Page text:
In short, these voter ID laws were a costly debacle. These same Republicans in Wisconsin have been busy dismantling workers’ rights in order to save “money.” The hypocrisy of their enacting voter ID laws in a state with hardly any voter fraud issues does more than smell of deliberate voter disenfranchisement. Republicans are willing to spend 2.4 million dollars on a non-issue while they kill union rights under the guise of fiscal responsibility.
Ironically, just this year in Wisconsin there were a few widely publicized instances of voter fraud. There was Republican Marcie Malszycki, 30, an aide to state Rep. Warren Petryk, R-Eleva, who voted improperly for Walker in the 2010 election, dead people who signed the Republicans recall petitions against Democrats, the shady practices of Republicans in the recall campaign and “issues” with lost, torn and uncounted ballots in Waukesha by the Republican county clerk during the Supreme Court race (technically more of an election fraud issue).
Cokie Roberts, who served under George W Bush’s administration on the Council on Service and Civic Participation, wrote an article with her husband Steve yesterday in which she called the new voter ID laws a “miscarriage of justice” and urged the Department of Justice to challenge this assault on Americans’ rights. The Roberts wrote, “This is far more than an outrageous attempt to rig the next election. It is a tragic violation of core American principles. How can we possibly promote democracy abroad when we violate such basic rights at home?”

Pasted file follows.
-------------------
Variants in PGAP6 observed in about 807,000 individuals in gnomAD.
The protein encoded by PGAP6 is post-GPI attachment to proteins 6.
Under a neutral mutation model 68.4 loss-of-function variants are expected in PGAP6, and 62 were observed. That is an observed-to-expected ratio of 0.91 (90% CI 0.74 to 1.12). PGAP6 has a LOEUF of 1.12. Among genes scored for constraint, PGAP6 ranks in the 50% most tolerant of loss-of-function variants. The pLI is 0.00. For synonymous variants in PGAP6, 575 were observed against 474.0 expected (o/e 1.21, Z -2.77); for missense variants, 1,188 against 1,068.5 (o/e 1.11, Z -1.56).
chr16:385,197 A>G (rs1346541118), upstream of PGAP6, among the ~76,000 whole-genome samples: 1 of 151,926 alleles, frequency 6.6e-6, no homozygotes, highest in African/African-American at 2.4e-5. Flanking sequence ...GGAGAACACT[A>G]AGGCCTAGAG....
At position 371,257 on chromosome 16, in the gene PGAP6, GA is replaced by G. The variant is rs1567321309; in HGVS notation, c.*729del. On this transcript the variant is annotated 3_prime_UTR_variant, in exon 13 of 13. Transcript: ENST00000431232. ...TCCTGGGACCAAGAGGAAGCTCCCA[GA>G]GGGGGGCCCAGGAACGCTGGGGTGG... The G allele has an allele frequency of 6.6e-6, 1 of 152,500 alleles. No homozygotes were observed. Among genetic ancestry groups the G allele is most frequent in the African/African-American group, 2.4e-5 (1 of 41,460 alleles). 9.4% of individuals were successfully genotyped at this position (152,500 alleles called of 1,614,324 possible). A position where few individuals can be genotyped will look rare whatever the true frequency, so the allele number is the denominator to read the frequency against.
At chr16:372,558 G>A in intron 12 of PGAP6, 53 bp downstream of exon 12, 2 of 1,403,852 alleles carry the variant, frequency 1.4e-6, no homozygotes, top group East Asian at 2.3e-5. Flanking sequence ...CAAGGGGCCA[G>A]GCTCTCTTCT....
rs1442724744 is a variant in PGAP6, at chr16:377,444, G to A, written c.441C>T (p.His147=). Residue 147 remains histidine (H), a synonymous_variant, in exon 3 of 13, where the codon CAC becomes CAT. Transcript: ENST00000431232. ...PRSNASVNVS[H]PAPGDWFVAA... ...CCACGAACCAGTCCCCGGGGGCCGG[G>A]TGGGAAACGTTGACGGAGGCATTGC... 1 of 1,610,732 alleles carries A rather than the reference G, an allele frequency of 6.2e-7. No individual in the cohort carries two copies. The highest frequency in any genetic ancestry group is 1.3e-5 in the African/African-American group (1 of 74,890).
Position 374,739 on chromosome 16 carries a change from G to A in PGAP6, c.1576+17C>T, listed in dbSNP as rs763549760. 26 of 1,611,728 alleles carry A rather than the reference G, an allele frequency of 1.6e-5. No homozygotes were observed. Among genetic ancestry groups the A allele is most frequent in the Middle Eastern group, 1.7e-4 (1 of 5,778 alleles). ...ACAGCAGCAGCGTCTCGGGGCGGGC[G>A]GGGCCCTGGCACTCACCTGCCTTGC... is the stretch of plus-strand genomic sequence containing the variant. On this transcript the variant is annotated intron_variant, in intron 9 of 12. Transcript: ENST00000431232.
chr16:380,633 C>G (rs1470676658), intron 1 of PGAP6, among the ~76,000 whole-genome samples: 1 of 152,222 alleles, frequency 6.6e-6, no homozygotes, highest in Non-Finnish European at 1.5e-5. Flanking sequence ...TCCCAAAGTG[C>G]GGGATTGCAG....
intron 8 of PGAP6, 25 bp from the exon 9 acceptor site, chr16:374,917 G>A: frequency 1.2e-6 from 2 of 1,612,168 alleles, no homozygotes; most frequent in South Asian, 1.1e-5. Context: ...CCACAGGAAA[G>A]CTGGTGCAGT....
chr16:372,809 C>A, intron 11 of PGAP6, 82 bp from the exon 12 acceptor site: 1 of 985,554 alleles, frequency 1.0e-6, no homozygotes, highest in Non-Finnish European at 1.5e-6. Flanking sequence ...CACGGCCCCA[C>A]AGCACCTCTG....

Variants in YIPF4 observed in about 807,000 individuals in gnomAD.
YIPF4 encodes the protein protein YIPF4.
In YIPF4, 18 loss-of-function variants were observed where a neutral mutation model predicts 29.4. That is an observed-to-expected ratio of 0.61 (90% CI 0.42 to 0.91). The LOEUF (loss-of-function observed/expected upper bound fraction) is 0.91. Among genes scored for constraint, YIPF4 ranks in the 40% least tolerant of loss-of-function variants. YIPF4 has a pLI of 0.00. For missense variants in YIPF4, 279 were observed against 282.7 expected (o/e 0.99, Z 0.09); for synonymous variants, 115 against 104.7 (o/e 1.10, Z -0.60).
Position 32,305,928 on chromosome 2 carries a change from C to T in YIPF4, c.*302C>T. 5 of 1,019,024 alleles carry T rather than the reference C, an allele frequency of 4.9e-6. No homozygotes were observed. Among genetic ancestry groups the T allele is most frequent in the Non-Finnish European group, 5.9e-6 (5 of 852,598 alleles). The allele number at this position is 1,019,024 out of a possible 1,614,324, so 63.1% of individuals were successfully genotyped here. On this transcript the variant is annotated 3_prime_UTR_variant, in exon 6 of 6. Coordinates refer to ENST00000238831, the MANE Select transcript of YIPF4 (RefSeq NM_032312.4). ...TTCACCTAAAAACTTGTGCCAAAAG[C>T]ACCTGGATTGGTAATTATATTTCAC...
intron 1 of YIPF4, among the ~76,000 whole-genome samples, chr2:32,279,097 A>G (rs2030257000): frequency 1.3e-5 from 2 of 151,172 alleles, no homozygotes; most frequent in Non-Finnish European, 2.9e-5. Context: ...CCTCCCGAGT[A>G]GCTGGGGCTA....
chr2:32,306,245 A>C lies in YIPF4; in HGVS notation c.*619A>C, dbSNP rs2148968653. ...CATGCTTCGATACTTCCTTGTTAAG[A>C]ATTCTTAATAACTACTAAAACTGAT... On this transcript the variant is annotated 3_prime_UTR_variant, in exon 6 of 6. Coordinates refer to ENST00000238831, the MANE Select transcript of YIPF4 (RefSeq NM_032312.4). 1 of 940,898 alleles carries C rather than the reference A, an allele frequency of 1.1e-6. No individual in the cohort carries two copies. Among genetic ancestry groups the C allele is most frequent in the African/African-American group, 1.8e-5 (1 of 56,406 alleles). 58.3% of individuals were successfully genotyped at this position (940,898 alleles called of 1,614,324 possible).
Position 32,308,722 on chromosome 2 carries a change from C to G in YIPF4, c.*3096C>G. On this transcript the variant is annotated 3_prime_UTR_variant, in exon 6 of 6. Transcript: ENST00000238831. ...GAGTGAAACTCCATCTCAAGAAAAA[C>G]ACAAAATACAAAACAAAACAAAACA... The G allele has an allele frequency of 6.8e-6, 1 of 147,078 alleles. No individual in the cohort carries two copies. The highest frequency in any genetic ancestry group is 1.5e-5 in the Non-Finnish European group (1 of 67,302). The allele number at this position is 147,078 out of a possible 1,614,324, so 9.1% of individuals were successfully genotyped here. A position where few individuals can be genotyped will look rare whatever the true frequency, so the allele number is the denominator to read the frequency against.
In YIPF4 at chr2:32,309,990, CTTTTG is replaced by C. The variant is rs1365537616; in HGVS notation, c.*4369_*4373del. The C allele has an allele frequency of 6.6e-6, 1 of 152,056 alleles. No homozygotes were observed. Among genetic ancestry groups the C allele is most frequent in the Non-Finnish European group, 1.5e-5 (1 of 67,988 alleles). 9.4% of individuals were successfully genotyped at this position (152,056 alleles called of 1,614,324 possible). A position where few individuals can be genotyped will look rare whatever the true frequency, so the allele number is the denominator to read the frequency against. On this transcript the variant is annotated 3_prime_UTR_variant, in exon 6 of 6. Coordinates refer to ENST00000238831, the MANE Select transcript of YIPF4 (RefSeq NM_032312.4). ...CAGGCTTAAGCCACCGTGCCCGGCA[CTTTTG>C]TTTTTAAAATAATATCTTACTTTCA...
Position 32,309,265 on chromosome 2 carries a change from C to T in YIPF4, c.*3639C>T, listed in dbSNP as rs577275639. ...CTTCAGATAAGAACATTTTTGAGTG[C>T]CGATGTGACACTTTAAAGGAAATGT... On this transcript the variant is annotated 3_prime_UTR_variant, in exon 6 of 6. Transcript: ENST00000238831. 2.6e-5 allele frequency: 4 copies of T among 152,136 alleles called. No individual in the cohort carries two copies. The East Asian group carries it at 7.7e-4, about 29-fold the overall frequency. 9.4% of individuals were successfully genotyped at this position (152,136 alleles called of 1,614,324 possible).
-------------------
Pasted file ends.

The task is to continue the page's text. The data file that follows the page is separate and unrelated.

Supporters of the new laws say they are necessary to combat voter fraud. But that, to put it bluntly, is a lie.
There is no evidence — none — that fraud is a major problem in any state. Rolling Stone magazine reports “a major probe by the Justice Department between 2002 and 2007 (during a Republican administration) failed to prosecute a single person for going to the polls and impersonating an eligible voter, which the anti-fraud laws are supposedly designed to stop.”
You might remember Cokie for her comment about candidate Barack Obama visiting his dying grandmother in Hawaii during the 2008 campaign. Roberts said “I know Hawaii is a state, but it has the look of [Barack Obama] going off to some sort of foreign, exotic place.” So it appears that her opinions regarding our democracy don’t come from some vested interest in the reelection of Barack Obama. Cokie’s passion for voting rights is no doubt influenced by her father, the late Democratic Congressman from Louisiana, Hale Boggs, who endorsed Lyndon Johnson’s 1965 Voting Rights Act.